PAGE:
One India goes for a toss

Montage from twitter.

ONE INDIA—we hear about that often during these Covid-19 times. But the disease is proving that we are far from achieving unity. Look at the following reports.

Karnataka Closes Kerala Border, 7 Die Due to Delayed Medical Assistance
Telegana Stops Issuing Passes to Migrant Workers and Others Returning from Maharastra, Gujarat and Andhra Pradesh.
Karnataka Bans Entry of People from Gujarat, Maharastra and Tamil Nadu till May 31
Kerala Stops Malayalees Returning From Other States at Border
1000 Buses from Rajastran Dispatched from Alwar Stopped at UP Bharatpur Border by UP Cops
40 Haryana Buses from Gurgaon with Stranded Migrants Were Sent Back by UP Police

Indian States were stopping their own people from entering the State on the ground that they were coming from Covid-hit red zone, not to speak of people from neighbouring States. The BJP Government in UP not only refused entry for buses from Congress-ruled Rajasthan but also from BJP-ruled Haryana. So, the migrant drama played out in UP was more than a Congress-BJP tussle.

Centre fails to lead
The Central Government did not intervene or coordinate movement of people wanting to return home for nearly two months now. All it did finally was to send some trains here and there without waiting for clearance from the States.  However, this did not address even part of the problem. In fact, the States were acting as if they were different countries and returning workers were refugees coming to their States. This happened because the Centre did not take overall responsibility for Covid-19 control.

The Union Government, however, tried to achieve a form of paramountancy by dictating orders to the State governments on lock down. But, it failed to address critical issues like financing the fight against the disease and addressing inter-State issues such as that of the migrants, and even inter-State movement of patients. Much of the resources for the fight in terms of equipment, personnel et cetera had to be mobilised by the States. The Central agencies other than the ICMR played hardly any part.

Soon, the Centre lost the plot. By the end of the first phase, Prime Minister Narendra Modi, who announced the lock down without consulting anyone, started consulting the Chief Ministers. By the time, he announced the fourth phase; the Centre had to concede more freedoms to the States.  This was despite the fact that the lock down measures hardly attracted any Opposition from the States.  The States were allowed additional borrowing from the market and they went into a ‘self-reliant’ mode as if they had embraced the Atma Nirbhar slogan of the Prime Minister.  The borders were made as impermeable as possible, often citing order of the Union Home Ministry.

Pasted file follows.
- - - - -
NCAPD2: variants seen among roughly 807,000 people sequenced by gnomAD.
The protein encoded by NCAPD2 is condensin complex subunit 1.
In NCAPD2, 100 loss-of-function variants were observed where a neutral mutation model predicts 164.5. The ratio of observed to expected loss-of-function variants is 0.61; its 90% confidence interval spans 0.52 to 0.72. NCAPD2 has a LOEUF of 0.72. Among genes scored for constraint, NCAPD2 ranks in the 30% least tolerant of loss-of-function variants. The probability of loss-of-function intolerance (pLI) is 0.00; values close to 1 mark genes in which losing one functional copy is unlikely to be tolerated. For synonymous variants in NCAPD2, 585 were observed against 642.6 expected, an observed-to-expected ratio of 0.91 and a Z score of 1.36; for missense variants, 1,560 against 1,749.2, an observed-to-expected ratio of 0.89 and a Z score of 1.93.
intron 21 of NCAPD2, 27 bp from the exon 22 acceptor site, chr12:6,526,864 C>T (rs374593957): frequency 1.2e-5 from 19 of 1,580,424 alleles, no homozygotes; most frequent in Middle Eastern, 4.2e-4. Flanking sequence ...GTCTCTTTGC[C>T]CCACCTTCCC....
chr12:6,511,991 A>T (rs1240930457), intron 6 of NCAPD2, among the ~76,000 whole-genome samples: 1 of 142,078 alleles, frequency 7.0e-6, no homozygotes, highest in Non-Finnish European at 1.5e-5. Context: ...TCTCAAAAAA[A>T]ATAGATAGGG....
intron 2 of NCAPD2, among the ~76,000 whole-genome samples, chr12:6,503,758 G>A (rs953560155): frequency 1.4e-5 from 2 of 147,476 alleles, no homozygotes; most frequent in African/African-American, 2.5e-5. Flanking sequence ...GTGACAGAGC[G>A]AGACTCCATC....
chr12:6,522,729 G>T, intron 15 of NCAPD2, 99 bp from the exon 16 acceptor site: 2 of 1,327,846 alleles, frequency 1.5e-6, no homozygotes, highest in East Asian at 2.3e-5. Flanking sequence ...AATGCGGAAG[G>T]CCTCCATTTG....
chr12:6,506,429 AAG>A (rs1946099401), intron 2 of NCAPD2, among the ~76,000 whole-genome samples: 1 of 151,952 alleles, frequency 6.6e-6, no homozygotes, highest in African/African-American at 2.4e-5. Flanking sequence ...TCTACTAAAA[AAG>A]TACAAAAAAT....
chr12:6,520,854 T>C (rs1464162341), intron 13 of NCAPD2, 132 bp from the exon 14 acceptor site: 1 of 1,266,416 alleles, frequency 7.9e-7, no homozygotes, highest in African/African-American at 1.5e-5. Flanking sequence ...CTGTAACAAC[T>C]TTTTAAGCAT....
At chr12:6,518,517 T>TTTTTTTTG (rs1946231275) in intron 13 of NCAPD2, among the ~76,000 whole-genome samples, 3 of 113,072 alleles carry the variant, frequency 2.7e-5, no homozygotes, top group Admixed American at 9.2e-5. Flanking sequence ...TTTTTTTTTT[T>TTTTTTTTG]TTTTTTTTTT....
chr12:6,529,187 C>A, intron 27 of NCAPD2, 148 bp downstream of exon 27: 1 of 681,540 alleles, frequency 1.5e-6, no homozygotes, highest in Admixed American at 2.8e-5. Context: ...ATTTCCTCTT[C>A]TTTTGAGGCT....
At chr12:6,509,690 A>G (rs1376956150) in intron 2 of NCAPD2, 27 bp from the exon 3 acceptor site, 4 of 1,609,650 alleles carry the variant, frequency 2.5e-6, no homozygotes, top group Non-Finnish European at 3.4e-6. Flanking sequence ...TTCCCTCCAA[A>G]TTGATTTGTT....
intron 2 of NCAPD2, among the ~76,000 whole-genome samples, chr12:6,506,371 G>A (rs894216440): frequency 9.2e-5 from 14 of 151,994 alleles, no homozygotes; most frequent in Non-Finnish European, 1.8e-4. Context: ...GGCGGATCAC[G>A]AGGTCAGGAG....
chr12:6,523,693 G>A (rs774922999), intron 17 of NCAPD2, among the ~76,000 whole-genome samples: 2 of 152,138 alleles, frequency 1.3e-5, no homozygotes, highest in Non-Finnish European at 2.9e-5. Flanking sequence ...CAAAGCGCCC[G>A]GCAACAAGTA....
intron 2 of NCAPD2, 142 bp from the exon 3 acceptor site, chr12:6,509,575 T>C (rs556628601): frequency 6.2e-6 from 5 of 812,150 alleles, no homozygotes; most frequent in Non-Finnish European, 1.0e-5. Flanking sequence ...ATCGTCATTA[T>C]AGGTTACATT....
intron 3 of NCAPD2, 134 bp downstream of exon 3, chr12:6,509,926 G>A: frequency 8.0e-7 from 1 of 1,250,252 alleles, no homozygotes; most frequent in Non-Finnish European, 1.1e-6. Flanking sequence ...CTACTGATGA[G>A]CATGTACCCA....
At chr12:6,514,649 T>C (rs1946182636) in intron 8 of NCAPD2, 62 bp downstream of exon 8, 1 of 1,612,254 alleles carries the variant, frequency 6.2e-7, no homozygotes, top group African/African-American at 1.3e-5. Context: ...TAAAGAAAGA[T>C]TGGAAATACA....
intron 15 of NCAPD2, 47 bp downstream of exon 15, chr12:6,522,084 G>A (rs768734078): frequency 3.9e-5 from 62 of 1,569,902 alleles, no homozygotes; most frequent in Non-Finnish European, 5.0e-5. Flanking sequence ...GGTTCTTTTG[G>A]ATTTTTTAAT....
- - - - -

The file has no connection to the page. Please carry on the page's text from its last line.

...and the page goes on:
The Kerala Example
Kerala had done well in containing the disease, but miscalculated on what the lock down will or will not achieve elsewhere in the country.  Its achievements were largely the result of early detection, isolation, contact tracing and better care. It also looked after the migrant workers. The lock down at the national level made it easy for it to enforce social distancing and adopt precautionary measures including closure of places of worship and other establishments.

In its bid to keep its record intact, it delayed steps to facilitate return of Malayalees outside the State and abroad. This was despite some States like UP bringing back students from Kota in Rajasthan. In fact, Kerala could have asked the Centre to facilitate return of Keralites to the State and migrants to their respective States, after the first phase.

Despite claims to the contrary, it was also not well-prepared for a large influx of Malayalees from outside. This caused crowding and other issues at the border check posts. The migrant workers became restless as their return was being delayed, often because other States were also trying to keep matters pending.  Hence, Kerala too had at least isolated cases of migrants trying to reach their homes on trucks and cycles. Even now, the mess is far from over. The State did not operate a single bus or Sramik train for Keralites from Bangalore, Hyderabad or Chennai till now. Keralites had to arrange their own vehicles for their return to their homes at high costs. Sramik trains from Delhi and other places are yet to reach Kerala.